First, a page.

WOULD it be churlish to suggest that Naomi Osaka, the new prima donna of the tennis world, takes a vow of silence for a week or two?
Is it showing lack of empathy or understanding to recommend she has a long and deep session of introspection and self-examination; to think hard before venting any more of her thoughts and tantrums on a world already burdened with plenty of somewhat more serious issues than her relationship with the media?
We will accept that she, along with thousands of others, has “mental issues” (the popular catchphrase) to deal with.
Also that they have been with her since winning the US Open in 2018, an achievement which one would have thought brought her joy rather than gloom.
Not plunge her into the old Slough of Despond which has been snaring the unwary since John Bunyan defined it some four hundred years ago.
And she is still trying to escape this fictional mire three years later.
In the intervening (and Covid fractured) period she has become World No.2, achieved global fame and amassed a fortune of the like never to be experienced by all the far lesser lights, sloggers and minnows over whom she towers.
The world’s richest sports star, according to those who compute such seemingly essential data.
But she is depressed. Okay. Money doesn’t bring happiness. Fame is a hard taskmaster that has cowed many a show pony.
These are lessons bruited about loud and clear down the years; they are there to be learned by those will observe and listen.
So many fallen stars as shining examples, so many bright lights that have crashed and burnt.
And they exist in a world well apart from the one down here at street level where depression is a well-documented crisis brought not by fame and fortune but by the daily grind of eking out a living and having nowhere, or no one, to turn to.
A world light years away from the false, fragile and dizzying heights inhabited by Ms Osaka and her ilk.
To play the mental health card and rant and rage as she is doing on a daily basis bears no relationship to the minimum wage worker living in near-slum conditions in the back streets of Oldham, unable to pay their rent, adequately feed themselves and their family or meet the bills for heating and light.
That’s depression, Ms Osaka.
And so is being a student who has worked diligently throughout their school years only to be stranded and in deep debt with hopes of a university education and an all-important degree obliterated in the stroke of a lockdown.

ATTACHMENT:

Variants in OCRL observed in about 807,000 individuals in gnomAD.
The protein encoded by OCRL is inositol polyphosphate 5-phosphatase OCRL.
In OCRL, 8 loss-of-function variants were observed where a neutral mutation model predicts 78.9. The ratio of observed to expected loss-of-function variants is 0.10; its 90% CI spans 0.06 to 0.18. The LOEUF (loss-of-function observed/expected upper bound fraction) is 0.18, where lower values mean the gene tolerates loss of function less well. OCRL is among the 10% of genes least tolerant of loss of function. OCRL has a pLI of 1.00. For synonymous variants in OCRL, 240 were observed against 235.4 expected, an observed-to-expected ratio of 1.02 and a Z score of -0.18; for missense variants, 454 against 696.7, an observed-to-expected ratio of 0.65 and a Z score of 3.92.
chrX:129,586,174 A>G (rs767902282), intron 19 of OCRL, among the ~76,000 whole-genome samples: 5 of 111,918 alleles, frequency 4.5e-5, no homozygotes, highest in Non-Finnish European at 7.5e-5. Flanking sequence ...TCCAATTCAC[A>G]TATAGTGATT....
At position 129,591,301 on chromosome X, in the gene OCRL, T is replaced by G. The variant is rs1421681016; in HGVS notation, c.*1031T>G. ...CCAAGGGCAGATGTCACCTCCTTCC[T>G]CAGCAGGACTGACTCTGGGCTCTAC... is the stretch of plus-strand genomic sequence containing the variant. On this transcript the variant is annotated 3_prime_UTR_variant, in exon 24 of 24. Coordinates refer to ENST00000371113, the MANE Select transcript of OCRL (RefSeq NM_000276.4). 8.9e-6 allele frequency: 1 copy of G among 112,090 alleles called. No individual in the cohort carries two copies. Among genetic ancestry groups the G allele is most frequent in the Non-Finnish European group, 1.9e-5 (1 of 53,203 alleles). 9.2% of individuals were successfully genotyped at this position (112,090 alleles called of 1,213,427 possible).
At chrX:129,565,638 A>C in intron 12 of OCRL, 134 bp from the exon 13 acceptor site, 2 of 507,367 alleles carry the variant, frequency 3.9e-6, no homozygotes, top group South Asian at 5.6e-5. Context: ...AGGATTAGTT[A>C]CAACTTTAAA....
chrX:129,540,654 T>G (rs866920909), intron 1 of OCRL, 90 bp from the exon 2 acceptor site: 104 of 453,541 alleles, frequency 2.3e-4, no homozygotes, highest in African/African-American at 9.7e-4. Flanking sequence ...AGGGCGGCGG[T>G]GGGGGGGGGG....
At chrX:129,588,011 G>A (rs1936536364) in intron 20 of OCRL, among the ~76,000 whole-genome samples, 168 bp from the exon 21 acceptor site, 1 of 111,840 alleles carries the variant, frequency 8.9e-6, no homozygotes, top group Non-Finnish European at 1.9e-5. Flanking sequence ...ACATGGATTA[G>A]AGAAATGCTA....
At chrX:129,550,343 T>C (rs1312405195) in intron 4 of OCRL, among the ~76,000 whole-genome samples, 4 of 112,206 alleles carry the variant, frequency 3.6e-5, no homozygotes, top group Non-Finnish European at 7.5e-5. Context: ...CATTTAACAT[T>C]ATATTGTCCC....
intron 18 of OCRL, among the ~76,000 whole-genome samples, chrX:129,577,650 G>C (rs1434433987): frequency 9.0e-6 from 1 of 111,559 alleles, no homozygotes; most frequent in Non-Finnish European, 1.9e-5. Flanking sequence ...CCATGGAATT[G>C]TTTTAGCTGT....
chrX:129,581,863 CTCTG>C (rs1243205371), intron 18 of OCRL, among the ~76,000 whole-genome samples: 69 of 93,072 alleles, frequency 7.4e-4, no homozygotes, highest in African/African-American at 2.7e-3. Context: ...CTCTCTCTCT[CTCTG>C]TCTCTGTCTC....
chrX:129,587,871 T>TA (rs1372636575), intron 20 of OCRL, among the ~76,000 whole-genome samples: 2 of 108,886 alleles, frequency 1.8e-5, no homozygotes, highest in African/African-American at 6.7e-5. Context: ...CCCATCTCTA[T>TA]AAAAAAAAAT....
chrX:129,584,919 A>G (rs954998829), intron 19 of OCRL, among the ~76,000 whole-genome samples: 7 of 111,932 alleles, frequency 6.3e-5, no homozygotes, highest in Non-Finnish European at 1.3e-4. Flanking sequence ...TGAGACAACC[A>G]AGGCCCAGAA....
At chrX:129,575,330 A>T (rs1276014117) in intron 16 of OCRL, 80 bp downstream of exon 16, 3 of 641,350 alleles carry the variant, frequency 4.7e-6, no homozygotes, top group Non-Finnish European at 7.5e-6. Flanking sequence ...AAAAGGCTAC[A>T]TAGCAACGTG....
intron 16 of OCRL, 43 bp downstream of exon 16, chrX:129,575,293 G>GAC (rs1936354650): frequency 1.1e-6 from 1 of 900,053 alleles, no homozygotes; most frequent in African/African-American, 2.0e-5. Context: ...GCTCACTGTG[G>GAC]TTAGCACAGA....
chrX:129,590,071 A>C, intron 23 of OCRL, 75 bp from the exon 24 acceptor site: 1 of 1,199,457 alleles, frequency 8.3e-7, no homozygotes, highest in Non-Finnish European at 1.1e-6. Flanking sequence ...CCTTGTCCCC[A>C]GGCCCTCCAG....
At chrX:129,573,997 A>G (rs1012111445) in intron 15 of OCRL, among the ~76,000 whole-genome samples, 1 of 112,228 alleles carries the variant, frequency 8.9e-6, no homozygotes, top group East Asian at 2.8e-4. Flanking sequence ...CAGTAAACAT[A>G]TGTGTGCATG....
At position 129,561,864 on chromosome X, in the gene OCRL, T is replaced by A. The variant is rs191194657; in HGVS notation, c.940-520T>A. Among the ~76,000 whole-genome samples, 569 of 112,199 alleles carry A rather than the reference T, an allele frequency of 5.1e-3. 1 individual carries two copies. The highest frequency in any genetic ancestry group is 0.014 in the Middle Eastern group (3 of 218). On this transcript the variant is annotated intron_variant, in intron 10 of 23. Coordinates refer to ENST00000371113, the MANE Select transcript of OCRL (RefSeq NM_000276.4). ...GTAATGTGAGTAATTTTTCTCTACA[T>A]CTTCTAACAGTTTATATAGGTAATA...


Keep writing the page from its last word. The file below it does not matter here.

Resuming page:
These are the causes of bad mental health, Ms Osaka. Lives and careers trampled on and destroyed; futures of despair. Not having to face a few journalists who are being critical of your serve or backhand.
It is understood not only by tennis players but by top sportspeople worldwide that one of the few binding obligations they have is to make themselves available to the press, win or lose, at the end of their games.
Some do it with a laugh and a joke; some get more serious and technical; others grumpy and bitter. But they do it. A few minutes out of their pampered lives where they can generally call the shots. Job done.
Regardless however much she pleads her cause, seeking sympathy for her plight, it is not as if Ms Osaka is unused to dealing with the media. Au contraire, she is a skilled manipulator as evidenced in her performances (for that is what they are) over the years.
And a quick browse through her Instagram posts provides further proof. She is a skilled user of social media and all that that entails. Clearly a lover of the limelight. A veritable show pony. Look at me, look at me. And give me your sponsorship.
Such a seasoned practitioner must surely know that with exposure comes a tidal wave of responses. From all directions. The good, the bad and the downright ugly.
You have entered the lion’s den; the beasts need feeding and how you manage them and escape unscathed is totally in your hands.
And when they growl and roar and scratch and bite . . . well, you knew the risks and the consequences.
Thus many struggle to feel much sympathy for the hurt claimed to your apparently fragile mind and body; which also is hard to believe in view of your all-conquering way to the top.
Thousands of far more deserving cases are ahead of you in the barrage of calls for mental health care and treatment.
Maybe the answer lies within rather than in this stream of “Poor me” whinging and whining.
Go and whack a few balls, hit some aces; or maybe head to the vaults and count your millions.
Otherwise expect to hear the umpire yell “Fault” loud and long.